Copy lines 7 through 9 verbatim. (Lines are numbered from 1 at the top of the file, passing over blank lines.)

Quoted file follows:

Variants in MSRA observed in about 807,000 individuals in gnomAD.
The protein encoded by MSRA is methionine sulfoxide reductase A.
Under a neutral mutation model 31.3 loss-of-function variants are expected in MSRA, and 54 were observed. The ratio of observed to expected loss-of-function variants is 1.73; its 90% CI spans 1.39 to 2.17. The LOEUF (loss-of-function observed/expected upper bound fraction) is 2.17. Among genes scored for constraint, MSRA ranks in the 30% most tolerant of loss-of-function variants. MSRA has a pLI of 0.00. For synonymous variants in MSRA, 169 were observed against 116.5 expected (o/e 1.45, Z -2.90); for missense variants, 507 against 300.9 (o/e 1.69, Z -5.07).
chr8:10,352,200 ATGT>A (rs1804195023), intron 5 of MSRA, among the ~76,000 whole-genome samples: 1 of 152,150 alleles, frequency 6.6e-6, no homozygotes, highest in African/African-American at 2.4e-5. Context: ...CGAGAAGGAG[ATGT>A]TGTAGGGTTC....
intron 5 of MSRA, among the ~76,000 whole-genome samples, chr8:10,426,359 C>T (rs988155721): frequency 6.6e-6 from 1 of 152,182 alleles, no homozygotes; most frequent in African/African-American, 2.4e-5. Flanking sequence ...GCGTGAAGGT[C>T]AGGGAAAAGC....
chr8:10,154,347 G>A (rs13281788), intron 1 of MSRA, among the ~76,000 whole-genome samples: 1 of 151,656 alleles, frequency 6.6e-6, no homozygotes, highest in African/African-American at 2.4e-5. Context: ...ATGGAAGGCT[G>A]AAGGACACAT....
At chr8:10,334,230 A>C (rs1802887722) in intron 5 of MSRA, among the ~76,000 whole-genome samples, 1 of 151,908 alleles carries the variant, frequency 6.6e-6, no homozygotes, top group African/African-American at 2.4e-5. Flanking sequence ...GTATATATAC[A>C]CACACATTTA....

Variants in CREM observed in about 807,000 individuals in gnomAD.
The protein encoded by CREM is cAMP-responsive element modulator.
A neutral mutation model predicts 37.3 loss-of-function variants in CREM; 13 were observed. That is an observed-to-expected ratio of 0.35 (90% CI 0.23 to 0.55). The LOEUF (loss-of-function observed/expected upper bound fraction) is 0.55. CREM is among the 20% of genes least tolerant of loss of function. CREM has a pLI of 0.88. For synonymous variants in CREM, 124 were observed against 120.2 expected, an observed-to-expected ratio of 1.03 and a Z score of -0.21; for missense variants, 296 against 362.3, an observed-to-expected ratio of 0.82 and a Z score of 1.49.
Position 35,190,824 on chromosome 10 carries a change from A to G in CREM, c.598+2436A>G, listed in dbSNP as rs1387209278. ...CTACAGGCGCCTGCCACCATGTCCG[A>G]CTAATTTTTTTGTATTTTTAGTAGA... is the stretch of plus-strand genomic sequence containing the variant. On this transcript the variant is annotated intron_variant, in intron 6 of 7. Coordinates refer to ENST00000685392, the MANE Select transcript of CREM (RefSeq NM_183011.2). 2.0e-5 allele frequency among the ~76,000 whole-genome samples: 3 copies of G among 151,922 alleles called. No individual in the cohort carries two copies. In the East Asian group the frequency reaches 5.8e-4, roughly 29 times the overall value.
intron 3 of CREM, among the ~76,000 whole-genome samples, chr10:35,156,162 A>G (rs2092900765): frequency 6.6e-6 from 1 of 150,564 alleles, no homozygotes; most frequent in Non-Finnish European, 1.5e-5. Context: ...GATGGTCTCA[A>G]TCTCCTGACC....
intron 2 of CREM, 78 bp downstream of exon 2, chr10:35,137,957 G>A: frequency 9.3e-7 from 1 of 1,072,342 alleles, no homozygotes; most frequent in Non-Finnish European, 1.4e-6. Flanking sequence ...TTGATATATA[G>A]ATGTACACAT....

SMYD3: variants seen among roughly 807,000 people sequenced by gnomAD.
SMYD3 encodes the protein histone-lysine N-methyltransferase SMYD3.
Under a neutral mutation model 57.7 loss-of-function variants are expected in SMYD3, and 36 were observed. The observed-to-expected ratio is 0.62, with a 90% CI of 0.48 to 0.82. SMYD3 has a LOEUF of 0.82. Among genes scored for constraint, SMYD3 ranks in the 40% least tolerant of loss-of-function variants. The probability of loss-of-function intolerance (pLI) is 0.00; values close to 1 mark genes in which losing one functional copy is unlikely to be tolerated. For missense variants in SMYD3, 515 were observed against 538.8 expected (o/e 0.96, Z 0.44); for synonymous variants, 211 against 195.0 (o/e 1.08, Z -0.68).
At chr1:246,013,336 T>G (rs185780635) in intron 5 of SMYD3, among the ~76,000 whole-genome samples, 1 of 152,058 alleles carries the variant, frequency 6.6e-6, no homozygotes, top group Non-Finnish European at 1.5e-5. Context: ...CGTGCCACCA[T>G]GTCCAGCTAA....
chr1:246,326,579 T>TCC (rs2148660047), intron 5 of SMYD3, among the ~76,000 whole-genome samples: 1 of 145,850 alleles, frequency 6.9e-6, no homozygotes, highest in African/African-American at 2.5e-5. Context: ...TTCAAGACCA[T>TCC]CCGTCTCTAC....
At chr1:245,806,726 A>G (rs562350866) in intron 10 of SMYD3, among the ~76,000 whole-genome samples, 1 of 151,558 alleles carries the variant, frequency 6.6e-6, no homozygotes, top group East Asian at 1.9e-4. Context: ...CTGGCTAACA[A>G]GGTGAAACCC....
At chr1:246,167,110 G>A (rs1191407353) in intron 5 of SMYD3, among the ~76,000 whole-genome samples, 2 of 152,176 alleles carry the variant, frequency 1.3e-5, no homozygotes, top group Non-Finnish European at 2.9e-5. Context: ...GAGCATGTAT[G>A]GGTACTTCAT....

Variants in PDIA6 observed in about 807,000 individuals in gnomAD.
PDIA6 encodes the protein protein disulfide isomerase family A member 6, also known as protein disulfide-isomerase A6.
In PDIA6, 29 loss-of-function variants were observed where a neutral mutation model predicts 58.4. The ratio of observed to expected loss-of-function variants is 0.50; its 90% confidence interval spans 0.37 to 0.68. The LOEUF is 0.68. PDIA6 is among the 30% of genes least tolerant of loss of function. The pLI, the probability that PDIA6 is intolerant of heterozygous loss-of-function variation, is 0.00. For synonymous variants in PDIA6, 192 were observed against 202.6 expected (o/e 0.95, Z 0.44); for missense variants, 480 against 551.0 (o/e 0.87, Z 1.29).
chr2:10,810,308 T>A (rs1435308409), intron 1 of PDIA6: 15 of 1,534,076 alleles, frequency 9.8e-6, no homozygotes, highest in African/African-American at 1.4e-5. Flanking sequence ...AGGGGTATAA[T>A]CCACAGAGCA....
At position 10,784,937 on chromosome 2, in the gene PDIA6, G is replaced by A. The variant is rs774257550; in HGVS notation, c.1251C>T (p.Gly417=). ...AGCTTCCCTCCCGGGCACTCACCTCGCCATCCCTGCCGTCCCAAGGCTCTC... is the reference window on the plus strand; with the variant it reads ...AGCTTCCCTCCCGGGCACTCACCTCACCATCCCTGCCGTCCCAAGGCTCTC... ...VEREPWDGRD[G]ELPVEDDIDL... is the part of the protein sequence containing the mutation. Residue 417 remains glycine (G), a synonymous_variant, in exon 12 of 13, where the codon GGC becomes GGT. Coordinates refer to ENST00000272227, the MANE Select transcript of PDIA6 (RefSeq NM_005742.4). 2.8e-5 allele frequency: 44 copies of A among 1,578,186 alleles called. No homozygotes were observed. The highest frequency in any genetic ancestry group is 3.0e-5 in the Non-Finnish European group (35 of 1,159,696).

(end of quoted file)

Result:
At chr8:10,334,230 A>C (rs1802887722) in intron 5 of MSRA, among the ~76,000 whole-genome samples, 1 of 151,908 alleles carries the variant, frequency 6.6e-6, no homozygotes, top group African/African-American at 2.4e-5. Flanking sequence ...GTATATATAC[A>C]CACACATTTA....

Variants in CREM observed in about 807,000 individuals in gnomAD.
The protein encoded by CREM is cAMP-responsive element modulator.